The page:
Dividing Perennials

Winter sure seems cold and long for those of us who dream of lush green gardens and colorful flowers.  Feels like there's nothing to do but sit and wait, stare out the windows at those bare trees, and dream of the spring to come. But although it may not be prime spring planting time yet, there are things that can be done in the garden now in preparation for the days ahead. Perennial Dividing

It may seem like the ground is awfully hard due to some of the freezing temperatures we've been having lately, but now is actually a fabulous time to start dividing and re-planting any mature perennial plants in the garden. What feels like frozen ground is, in reality, only a thin crust, and dividing and re-planting perennials now will give your plants plenty of time to re-establish themselves and develop strong roots before the heat of next season kicks in.

Why Divide?

Perennials are divided to control their size and to increase their numbers. Short-lived perennials or old perennials that have become crowded with sparse flowers can be kept vigorous and blooming through division. After dividing, the younger sections will flower more prolifically.

A general rule-of-thumb for Piedmont gardeners is to divide spring and summer blooming perennials in the fall, and fall-flowering perennials in late winter/early spring when the new shoots have emerged. It is most important to divide the plants when they are not flowering.

How To

Garden Supply Co. owner, Keith Ramsey, recently shared with me a few tips and tricks for easily and successfully dividing perennials. Step one: carefully dig around the base of your established plant with a pronged pitchfork or sharp-tipped shovel, digging up the entire plant in one piece.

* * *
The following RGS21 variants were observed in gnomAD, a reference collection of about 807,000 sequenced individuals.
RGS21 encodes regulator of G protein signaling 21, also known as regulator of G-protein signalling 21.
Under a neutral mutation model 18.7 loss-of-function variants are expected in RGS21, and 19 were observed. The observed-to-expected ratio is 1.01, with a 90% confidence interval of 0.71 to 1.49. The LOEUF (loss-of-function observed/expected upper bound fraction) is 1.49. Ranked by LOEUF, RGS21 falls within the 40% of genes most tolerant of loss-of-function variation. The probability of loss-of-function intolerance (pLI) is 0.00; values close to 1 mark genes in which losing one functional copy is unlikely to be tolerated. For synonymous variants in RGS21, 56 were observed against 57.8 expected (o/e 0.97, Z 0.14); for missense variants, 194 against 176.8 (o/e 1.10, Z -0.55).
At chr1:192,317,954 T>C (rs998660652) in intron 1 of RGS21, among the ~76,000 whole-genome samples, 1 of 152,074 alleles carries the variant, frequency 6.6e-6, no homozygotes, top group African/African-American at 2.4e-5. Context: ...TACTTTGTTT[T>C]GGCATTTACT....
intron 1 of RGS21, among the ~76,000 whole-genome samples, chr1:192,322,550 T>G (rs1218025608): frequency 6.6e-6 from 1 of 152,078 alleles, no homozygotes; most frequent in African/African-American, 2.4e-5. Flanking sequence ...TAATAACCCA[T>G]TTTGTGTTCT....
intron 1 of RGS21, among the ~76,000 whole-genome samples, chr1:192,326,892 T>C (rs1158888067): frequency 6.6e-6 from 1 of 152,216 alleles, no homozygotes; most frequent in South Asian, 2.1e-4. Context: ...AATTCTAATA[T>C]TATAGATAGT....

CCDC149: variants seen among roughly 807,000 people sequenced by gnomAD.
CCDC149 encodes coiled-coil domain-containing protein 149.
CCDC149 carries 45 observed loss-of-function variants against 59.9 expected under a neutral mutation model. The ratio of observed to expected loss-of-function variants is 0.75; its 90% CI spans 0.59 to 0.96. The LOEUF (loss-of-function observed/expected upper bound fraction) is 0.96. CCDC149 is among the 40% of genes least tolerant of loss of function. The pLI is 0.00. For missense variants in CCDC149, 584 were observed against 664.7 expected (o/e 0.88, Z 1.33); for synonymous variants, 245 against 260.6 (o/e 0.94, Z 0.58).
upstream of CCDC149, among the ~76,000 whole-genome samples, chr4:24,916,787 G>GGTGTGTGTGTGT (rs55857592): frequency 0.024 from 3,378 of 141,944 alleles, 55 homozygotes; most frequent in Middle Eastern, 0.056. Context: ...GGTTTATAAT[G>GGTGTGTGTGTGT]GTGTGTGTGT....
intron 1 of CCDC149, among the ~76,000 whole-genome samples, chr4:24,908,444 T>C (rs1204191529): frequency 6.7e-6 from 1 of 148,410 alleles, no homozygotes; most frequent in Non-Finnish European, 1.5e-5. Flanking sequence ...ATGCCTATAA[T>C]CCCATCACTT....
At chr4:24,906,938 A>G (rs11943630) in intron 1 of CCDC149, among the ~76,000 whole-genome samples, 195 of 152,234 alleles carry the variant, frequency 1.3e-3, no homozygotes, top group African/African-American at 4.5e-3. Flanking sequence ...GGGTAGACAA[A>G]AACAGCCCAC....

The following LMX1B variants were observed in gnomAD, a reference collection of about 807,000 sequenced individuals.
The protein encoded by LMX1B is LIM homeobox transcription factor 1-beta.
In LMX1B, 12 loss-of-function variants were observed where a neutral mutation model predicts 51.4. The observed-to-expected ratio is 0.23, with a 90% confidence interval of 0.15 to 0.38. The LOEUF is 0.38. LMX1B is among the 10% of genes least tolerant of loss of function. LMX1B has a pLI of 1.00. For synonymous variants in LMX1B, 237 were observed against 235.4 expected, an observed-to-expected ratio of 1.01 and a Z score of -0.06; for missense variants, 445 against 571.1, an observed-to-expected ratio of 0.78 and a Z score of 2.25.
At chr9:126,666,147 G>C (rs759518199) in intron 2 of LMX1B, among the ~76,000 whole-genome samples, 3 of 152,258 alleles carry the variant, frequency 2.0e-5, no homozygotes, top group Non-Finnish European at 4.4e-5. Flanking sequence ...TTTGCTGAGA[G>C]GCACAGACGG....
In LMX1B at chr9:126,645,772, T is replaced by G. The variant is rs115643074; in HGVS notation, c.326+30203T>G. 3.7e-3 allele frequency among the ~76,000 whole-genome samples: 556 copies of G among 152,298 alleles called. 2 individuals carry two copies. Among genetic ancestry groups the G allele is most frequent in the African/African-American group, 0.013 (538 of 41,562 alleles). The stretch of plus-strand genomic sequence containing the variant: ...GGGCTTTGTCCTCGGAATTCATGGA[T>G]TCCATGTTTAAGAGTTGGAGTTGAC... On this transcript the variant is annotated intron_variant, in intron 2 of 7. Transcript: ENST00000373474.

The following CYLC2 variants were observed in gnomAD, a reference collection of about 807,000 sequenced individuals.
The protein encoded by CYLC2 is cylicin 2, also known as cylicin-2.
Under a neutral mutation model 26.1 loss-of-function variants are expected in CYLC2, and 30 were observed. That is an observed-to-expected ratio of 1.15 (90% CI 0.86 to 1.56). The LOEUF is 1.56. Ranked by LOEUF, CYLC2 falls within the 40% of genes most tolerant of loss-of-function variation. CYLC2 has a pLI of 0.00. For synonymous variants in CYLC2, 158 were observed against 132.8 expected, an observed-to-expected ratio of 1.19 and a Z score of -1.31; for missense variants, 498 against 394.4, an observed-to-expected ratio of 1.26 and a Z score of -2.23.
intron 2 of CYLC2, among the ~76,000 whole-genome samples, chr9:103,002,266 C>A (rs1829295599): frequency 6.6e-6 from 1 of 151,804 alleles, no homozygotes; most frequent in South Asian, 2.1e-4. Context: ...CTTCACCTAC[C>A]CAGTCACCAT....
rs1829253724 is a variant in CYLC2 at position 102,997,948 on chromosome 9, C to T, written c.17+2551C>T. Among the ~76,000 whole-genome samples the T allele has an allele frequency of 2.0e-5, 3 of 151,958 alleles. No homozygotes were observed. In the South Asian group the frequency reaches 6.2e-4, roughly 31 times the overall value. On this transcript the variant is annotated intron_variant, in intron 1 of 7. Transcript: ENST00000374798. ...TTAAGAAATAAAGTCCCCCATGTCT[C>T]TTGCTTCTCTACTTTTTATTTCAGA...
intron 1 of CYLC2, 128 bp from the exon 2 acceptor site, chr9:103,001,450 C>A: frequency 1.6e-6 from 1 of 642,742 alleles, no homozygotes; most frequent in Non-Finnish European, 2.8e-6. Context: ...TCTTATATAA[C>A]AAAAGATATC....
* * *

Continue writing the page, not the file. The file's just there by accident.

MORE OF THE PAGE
Once the plant is out of the ground, you can now divide your perennial into smaller clumps. Depending on the original size of the plant, you may divide your new plants into 2, 3, 4, or more pieces. Keith divided his one-gallon plant into 4 new sections.

Use a sharp cutting tool to separate the roots of your old perennial. Keith recommends using a Soil Scoop, as the edges are ideal for cutting roots, while the scoop is also useful for filling and general potting. For thicker or more stubborn roots, try the Flex Rake Pruning Saw.


Now your newly-divided perennials are ready for re-planting. Dig a hole as wide as the root-ball and the same depth. Set the plant in the hole so the crown is at or slightly above ground level. Cover and firm the soil lightly around the plant. And to give your new plant a good head start, add a shot of starter fertilizer when planting.

We highly recommend Bio-Tone Starter Plus all natural plant food. This fertilizer won't burn or harm your plants because it's completely organic. Perfect for starting new plants or transplanting old.

For more tips and tricks on dividing perennials, replanting, or garden design, stop by the garden center. Our friendly and helpful staff is here 7 days a week to help you with all your gardening needs. If you've got questions, we've got answers.

Hope to see you all soon!